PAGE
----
For years, the question of whether pesticides are linked to autism has driven environmentalists to protest and driven academics mad. And while scientists have yet to prove the root cause of autism, it just so happens that pesticides continue to crop up in research as suspected culprits or contributors. Most recently: Pediatric researchers from Penn State University and the University of California found that communities significantly more exposed to a type of mosquito-killing pesticide were also significantly more likely to have higher rates of autism diagnoses in kids.
It also just so happens that the type of pesticide in question, a pyrethroid, is a rather common, EPA-approved skeeter-exterminator sprayed all across the Gulf Coast and the country — and Harris County and Galveston County are just two examples.
The new study, peer-reviewed and published in Frontiers in Pediatrics, examined eight ZIP codes in Onondaga County, New York, with high exposure to mosquito pesticide through aerial sprays. The pesticide sprays there are intended to squash the West Nile virus, especially in Onondaga's region called Cicero Swamp.
Compared to 16 control ZIP codes without such pesticide use, the eight exposed communities in Onondaga County were 37 percent more likely to have higher rates of autism diagnoses or developmental delays in kids. (The researchers — led by Dr. Steven D. Hicks, an associate professor of pediatrics at Penn State — pooled all the kids' medical information and diagnoses from SUNY Upstate, the only regional children's hospital in an 80-mile radius.)
Still, the authors were quick to note that these findings in no way prove that mosquito pesticides cause autism — but the results certainly raise some questions.
"Although this study is observational and does not establish a causal relationship between pyrethroid exposure and [autism and developmental delays], it adds to a growing body of literature that shows a relationship between pesticides and ASD/DD," they wrote. "To our knowledge, this is the first study to show a relationship between the route of pesticide exposure and rates of neurodevelopmental delay. It raises intriguing questions about the safety of pesticide use in our society and how the manner in which those pesticides are applied might affect brain development in children."
So to what extent are these types of mosquito pesticides used locally — and to what extent should residents be concerned?
Dr. Mustapha Debboun, director of Harris County Mosquito Control, said that more studies are likely warranted, but that this should not be cause for alarm. Harris County uses a type of pyrethroid called permethrin (as well as a different chemical called malathion) — but not on a regular basis. The only times Harris County sprays, Debboun said, are when technicians discover virus-carrying mosquitoes in a specific pocket of the county and need to prevent the spread of disease. Sprays are isolated to that single area, he said.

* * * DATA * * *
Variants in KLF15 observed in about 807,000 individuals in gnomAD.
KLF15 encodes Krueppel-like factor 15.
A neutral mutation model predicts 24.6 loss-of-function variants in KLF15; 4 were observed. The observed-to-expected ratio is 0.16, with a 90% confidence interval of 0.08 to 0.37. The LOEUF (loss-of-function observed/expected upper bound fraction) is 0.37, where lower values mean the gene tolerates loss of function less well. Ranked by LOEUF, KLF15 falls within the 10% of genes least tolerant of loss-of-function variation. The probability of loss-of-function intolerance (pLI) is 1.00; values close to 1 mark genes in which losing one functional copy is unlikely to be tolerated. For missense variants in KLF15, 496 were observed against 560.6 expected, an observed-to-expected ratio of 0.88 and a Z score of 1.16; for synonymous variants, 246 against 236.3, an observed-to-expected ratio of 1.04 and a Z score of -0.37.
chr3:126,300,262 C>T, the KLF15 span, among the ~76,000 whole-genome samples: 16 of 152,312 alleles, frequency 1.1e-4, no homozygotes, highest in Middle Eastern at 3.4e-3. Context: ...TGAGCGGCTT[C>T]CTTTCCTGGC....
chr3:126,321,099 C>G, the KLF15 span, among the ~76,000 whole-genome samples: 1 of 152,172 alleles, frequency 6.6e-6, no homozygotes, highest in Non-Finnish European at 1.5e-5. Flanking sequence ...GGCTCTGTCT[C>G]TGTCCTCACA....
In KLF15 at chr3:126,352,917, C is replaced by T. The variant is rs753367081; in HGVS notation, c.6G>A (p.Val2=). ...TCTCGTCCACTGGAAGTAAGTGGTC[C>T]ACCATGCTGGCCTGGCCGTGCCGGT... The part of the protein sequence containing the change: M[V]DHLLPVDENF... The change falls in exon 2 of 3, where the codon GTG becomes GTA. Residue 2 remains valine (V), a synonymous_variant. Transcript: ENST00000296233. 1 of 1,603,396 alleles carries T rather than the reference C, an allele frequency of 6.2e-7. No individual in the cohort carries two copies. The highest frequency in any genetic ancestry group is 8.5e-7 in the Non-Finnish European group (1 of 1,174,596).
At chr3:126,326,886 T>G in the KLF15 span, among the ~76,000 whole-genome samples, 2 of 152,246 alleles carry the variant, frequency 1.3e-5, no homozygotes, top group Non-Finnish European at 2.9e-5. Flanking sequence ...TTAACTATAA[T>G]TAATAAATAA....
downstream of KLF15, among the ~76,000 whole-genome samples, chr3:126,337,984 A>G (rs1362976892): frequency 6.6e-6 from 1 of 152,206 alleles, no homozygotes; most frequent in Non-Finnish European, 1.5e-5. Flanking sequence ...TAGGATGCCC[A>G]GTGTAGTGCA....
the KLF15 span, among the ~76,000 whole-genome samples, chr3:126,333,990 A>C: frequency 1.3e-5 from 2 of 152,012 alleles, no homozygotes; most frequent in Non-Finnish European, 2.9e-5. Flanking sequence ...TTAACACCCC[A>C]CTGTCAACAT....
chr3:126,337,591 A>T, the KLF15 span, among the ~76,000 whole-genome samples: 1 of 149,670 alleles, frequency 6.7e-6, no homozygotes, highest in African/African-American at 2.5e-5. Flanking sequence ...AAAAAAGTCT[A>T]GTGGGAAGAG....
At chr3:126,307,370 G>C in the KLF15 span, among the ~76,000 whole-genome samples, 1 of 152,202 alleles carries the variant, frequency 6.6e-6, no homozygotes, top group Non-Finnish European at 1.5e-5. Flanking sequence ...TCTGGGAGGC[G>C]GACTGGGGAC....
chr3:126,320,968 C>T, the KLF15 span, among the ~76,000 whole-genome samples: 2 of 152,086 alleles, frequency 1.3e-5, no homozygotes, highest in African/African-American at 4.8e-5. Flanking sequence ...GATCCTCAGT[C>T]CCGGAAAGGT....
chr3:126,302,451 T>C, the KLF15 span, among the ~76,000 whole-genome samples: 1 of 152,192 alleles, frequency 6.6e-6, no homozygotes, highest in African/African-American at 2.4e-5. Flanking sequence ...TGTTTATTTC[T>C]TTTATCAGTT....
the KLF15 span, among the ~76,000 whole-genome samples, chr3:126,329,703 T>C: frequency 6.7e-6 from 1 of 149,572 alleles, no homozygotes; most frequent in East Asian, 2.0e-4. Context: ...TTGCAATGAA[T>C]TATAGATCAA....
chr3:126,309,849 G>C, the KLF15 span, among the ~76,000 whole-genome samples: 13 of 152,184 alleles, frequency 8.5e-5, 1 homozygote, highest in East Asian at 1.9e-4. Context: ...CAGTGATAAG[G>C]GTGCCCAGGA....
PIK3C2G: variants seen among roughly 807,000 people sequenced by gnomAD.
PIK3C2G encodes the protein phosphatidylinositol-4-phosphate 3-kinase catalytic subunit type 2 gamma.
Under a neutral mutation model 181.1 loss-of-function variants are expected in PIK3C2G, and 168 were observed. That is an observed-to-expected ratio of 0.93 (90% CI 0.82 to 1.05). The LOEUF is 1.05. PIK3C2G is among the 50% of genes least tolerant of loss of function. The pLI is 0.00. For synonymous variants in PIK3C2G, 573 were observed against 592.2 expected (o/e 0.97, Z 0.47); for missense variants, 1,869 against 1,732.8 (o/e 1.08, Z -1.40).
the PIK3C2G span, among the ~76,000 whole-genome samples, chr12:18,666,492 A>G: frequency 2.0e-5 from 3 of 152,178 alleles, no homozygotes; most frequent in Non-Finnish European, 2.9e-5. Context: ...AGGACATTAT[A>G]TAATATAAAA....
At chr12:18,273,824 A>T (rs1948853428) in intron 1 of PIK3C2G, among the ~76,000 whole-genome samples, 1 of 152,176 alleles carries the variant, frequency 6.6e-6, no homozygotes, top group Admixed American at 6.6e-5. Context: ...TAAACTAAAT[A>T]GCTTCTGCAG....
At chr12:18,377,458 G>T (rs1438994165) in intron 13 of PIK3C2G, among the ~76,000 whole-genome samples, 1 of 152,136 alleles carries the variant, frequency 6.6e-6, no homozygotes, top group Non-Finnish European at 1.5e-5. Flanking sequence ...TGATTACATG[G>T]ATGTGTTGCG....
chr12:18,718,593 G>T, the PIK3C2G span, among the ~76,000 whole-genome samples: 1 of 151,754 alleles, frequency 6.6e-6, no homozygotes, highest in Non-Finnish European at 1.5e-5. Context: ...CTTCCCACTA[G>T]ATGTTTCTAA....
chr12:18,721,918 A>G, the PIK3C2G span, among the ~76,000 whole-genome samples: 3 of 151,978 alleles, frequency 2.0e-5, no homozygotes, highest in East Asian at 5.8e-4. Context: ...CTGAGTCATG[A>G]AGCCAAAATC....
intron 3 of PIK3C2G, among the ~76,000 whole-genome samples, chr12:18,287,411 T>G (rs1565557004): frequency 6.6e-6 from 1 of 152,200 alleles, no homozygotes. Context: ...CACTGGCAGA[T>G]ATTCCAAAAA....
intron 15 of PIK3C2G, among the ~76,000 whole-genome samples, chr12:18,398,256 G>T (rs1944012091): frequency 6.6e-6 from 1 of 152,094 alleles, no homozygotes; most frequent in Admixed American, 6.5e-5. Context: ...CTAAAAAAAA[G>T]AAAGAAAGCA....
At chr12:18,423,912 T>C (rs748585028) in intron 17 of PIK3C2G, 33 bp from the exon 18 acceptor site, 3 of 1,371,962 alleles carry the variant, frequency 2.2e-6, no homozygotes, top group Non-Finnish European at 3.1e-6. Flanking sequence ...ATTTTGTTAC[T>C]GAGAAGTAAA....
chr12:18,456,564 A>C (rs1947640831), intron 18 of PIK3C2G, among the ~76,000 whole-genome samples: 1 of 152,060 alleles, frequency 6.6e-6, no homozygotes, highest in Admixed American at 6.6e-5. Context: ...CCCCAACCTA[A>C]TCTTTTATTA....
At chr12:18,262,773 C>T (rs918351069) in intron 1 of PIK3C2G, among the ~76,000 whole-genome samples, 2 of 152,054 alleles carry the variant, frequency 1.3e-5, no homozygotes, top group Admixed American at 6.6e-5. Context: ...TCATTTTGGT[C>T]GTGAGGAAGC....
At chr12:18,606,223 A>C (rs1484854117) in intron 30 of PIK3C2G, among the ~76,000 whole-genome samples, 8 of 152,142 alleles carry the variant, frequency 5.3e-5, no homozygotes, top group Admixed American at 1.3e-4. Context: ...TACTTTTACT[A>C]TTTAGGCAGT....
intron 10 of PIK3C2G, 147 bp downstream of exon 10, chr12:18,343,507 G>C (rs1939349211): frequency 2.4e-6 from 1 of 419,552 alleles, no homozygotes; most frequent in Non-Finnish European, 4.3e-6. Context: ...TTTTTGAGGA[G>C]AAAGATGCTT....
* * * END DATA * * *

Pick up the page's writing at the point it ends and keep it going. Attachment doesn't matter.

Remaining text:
"We don't spray every day or whenever we want to," he said. "We spray when the data tells us that the mosquitoes are hot with a virus. For example, this Friday, one pool of mosquitoes was hot with the West Nile virus, so we sprayed Sunday. We haven't sprayed since February."
It's a bit of a different story in Galveston County, where Galveston County Mosquito Control is, in fact, out every day spraying permethrin in the spring, malathion in the summer and naled — another controversial pesticide — about 25 times a year from an airplane. The agency sprays different parts of the county each day, said Director John Marshall, and so each community is sprayed in total about three times per month.
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Marshall dismissed recent research connecting both pyrethroid pesticides and naled to public health risks or autism, saying that the pesticides are intended to protect people from disease, not hurt them. He called environmentalists in Miami, who staunchly fought against the use of naled to fight the Zika virus during the outbreak last year, a "bunch of damn tree huggers." Naled is banned by the European Union because of several studies linking long-term exposure to developmental effects on fetuses, but is approved by the EPA.
Marshall maintained that the sprays are necessary to prevent mosquito-spread diseases and keep down the mosquito population in one of Texas's most tourist-friendly counties.
"We're highly regulated. We watch [the chemicals] very close, and we just don't have problems — we're just using such low dosages," Marshall said. "That's why these reports bother me, because you'll get environmentalists who think there just shouldn't be any pesticides in the world, and they're gonna do everything they can to try to stop it. They're not considering those poor kids standing out at the bus stop. They're not considering that people buy a home and a backyard to be able to barbecue and entertain without getting carried away [by mosquitoes]. What do you do if you have a disease outbreak if you don't have anything to spray?"
What do you do if the cure for the disease is linked to other disease too? Until such a link can be proven, Marshall said, the skeeter spraying will go on.